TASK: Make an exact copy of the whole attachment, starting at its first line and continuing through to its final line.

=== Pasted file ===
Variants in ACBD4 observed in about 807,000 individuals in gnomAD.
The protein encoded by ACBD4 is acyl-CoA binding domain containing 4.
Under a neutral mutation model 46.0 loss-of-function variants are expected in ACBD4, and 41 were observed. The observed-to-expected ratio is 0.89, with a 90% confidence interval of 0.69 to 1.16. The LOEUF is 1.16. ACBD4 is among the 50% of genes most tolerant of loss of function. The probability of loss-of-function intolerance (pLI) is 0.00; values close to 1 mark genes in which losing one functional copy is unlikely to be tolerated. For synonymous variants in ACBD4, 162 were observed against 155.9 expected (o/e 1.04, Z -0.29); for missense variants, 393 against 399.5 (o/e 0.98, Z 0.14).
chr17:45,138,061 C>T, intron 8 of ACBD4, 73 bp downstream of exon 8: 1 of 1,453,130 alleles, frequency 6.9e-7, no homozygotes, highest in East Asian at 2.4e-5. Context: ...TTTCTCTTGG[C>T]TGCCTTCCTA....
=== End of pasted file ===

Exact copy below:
Variants in ACBD4 observed in about 807,000 individuals in gnomAD.
The protein encoded by ACBD4 is acyl-CoA binding domain containing 4.
Under a neutral mutation model 46.0 loss-of-function variants are expected in ACBD4, and 41 were observed. The observed-to-expected ratio is 0.89, with a 90% confidence interval of 0.69 to 1.16. The LOEUF is 1.16. ACBD4 is among the 50% of genes most tolerant of loss of function. The probability of loss-of-function intolerance (pLI) is 0.00; values close to 1 mark genes in which losing one functional copy is unlikely to be tolerated. For synonymous variants in ACBD4, 162 were observed against 155.9 expected (o/e 1.04, Z -0.29); for missense variants, 393 against 399.5 (o/e 0.98, Z 0.14).
chr17:45,138,061 C>T, intron 8 of ACBD4, 73 bp downstream of exon 8: 1 of 1,453,130 alleles, frequency 6.9e-7, no homozygotes, highest in East Asian at 2.4e-5. Context: ...TTTCTCTTGG[C>T]TGCCTTCCTA....